Maxim m/1910 of Imperial Russia:

Maxim m/1910 was improved version which replaced earlier m/1905 in production around 1910 - 1911. But identifying individual weapons manufactured in that period as m/1905 or m/1910 seems sometimes to be somewhat difficult. Changes often used to identify these two versions were not apparently implemented to production all at once, instead the transition seems to have been gradual. By end of year 1911 Tula arsenal has supposedly gone into manufacturing all-steel M/1910, but this was to change only few years later, when World War 1 changed plans. Like pretty much all major participants also Imperial Russia was inadequately prepared for World War 1 and could not completely equip its massive Armed Forces with modern weapons. With the need of rapidly expanding manufacturing of Maxim m/1910 machineguns to rate of 10,000 weapons per year, Tula arsenal had no other choice but cutting some corners.

Most consider the decisive changes between these two models (m/1905 and m/1910) used for them identifying them, to be introduction of muzzle brake and new lock mechanism. Generally speaking typical Maxim m/1910 machinegun is several kg's lighter as brass and bronze parts used in m/1905 were replaced with steel parts. Unlike claimed in old Russian and Soviet sources, Maxim M/1910 was not Russian-developed, but quite straightforward copy of "New light model" of Maxim-machinegun introduced by Vickers, Sons & Maxim in year 1906. Year 1910 Imperial Russia acquired manufacturing license for this version and Tula arsenal started mass-producing it as M/1910. Maxim m/1910 had sights, which had been modified suitable to new type of (7.62 mm x 54R) ammunition loaded with pointed spitzer-bullets (introduced in year 1908). Early Maxim m/1910 had grooved water jacket as in "New light model" of Maxim-machinegun, but year 1914 Tula started manufacturing these weapons also with smooth water jackets. Smooth water jacket was not as durable or effective as the grooved version, but it was notably easier and cheaper to manufacture. It's uncertain if manufacturing of grooved water jackets for M/1910 continued also after this. What can be said for certain, is that the smooth water jacket de-facto replaced it in manufacturing for duration of World War 1 and Russian Civil War. Another major change that happened in manufacturing of these machineguns during World War 1 was return in use of brass parts. At least receiver bottoms and water jacket components were again manufactured from brass - likely because there were not enough machinery available for quickly manufacturing enough parts from steel.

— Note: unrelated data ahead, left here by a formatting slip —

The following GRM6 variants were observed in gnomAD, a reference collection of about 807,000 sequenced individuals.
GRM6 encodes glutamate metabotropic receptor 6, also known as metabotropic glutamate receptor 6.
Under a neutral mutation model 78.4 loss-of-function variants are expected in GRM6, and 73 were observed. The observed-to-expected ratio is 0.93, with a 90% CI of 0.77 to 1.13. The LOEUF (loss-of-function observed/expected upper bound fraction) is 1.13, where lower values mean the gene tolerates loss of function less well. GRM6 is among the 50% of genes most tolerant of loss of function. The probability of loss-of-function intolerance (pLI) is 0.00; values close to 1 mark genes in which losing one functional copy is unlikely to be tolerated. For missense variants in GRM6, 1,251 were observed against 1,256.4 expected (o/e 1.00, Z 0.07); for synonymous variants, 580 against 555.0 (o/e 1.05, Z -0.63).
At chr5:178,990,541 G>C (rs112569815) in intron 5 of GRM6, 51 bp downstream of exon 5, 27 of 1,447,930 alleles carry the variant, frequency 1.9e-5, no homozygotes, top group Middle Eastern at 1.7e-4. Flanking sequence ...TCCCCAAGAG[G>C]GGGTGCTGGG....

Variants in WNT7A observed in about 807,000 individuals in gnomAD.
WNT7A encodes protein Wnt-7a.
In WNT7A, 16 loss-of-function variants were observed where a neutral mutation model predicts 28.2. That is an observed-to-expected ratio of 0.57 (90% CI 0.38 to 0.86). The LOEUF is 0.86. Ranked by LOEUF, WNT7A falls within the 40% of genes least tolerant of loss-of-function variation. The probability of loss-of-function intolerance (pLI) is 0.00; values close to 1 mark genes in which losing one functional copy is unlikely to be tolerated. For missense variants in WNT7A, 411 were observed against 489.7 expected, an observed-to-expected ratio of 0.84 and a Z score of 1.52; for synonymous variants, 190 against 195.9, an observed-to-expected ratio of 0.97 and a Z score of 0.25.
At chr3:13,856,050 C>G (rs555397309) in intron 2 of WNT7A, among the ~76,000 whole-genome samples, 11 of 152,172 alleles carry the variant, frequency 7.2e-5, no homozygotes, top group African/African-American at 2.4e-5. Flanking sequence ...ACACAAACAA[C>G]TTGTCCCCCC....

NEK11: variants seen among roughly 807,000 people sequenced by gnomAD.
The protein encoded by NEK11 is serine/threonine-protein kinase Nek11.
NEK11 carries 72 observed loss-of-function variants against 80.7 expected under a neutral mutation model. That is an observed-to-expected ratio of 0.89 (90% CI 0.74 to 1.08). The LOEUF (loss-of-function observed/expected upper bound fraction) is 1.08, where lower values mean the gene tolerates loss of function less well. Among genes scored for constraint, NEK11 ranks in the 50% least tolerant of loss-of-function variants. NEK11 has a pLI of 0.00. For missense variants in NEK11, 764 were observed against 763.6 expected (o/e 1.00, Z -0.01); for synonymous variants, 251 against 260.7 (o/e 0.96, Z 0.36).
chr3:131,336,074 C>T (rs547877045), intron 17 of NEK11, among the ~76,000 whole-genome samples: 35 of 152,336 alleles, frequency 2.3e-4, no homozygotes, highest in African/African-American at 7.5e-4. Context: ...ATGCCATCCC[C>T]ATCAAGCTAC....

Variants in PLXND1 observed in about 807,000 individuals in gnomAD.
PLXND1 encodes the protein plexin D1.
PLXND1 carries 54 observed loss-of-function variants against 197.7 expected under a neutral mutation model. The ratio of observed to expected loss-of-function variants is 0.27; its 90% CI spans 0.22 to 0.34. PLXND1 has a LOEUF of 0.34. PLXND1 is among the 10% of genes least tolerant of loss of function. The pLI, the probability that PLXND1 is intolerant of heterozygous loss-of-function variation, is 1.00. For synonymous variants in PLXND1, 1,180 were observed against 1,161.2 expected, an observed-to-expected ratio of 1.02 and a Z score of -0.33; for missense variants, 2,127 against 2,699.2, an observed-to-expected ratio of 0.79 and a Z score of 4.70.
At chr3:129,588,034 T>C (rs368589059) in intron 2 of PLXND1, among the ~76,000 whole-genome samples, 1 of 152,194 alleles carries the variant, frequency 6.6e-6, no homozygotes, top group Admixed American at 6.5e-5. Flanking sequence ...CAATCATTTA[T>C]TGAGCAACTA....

PICTURE: Maxim m/1910 with grooved water jacket and Sokolov mount. Notice the 250-round fabric ammunition belt. (Photo taken in Sotamuseo). CLICK THUMBNAIL TO SEE LARGER PIC (173 KB).